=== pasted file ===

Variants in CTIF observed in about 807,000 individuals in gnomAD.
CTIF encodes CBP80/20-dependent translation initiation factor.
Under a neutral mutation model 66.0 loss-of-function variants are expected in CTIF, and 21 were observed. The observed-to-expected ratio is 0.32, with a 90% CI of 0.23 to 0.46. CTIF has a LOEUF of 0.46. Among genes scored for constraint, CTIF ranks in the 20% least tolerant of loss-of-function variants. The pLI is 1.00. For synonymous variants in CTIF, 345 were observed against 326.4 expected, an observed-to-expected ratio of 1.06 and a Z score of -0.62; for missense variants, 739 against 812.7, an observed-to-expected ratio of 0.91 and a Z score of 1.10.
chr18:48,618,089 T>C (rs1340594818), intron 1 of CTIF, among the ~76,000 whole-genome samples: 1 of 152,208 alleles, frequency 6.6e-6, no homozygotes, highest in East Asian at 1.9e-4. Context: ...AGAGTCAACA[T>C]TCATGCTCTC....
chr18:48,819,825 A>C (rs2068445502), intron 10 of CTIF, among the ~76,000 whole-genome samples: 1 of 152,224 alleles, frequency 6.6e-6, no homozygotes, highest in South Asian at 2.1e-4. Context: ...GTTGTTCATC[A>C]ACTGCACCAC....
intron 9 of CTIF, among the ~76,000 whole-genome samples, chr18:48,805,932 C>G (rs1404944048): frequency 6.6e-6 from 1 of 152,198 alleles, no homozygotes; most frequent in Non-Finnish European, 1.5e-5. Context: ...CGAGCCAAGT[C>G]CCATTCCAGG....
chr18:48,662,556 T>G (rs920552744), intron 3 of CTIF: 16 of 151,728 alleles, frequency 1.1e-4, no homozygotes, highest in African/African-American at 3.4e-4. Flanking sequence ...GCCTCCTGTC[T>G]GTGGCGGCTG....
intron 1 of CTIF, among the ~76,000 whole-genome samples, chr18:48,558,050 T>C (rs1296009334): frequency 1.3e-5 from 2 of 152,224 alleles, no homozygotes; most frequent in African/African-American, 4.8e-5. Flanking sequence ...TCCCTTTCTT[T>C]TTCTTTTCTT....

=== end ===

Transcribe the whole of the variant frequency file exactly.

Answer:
Variants in CTIF observed in about 807,000 individuals in gnomAD.
CTIF encodes CBP80/20-dependent translation initiation factor.
Under a neutral mutation model 66.0 loss-of-function variants are expected in CTIF, and 21 were observed. The observed-to-expected ratio is 0.32, with a 90% CI of 0.23 to 0.46. CTIF has a LOEUF of 0.46. Among genes scored for constraint, CTIF ranks in the 20% least tolerant of loss-of-function variants. The pLI is 1.00. For synonymous variants in CTIF, 345 were observed against 326.4 expected, an observed-to-expected ratio of 1.06 and a Z score of -0.62; for missense variants, 739 against 812.7, an observed-to-expected ratio of 0.91 and a Z score of 1.10.
chr18:48,618,089 T>C (rs1340594818), intron 1 of CTIF, among the ~76,000 whole-genome samples: 1 of 152,208 alleles, frequency 6.6e-6, no homozygotes, highest in East Asian at 1.9e-4. Context: ...AGAGTCAACA[T>C]TCATGCTCTC....
chr18:48,819,825 A>C (rs2068445502), intron 10 of CTIF, among the ~76,000 whole-genome samples: 1 of 152,224 alleles, frequency 6.6e-6, no homozygotes, highest in South Asian at 2.1e-4. Context: ...GTTGTTCATC[A>C]ACTGCACCAC....
intron 9 of CTIF, among the ~76,000 whole-genome samples, chr18:48,805,932 C>G (rs1404944048): frequency 6.6e-6 from 1 of 152,198 alleles, no homozygotes; most frequent in Non-Finnish European, 1.5e-5. Context: ...CGAGCCAAGT[C>G]CCATTCCAGG....
chr18:48,662,556 T>G (rs920552744), intron 3 of CTIF: 16 of 151,728 alleles, frequency 1.1e-4, no homozygotes, highest in African/African-American at 3.4e-4. Flanking sequence ...GCCTCCTGTC[T>G]GTGGCGGCTG....
intron 1 of CTIF, among the ~76,000 whole-genome samples, chr18:48,558,050 T>C (rs1296009334): frequency 1.3e-5 from 2 of 152,224 alleles, no homozygotes; most frequent in African/African-American, 4.8e-5. Flanking sequence ...TCCCTTTCTT[T>C]TTCTTTTCTT....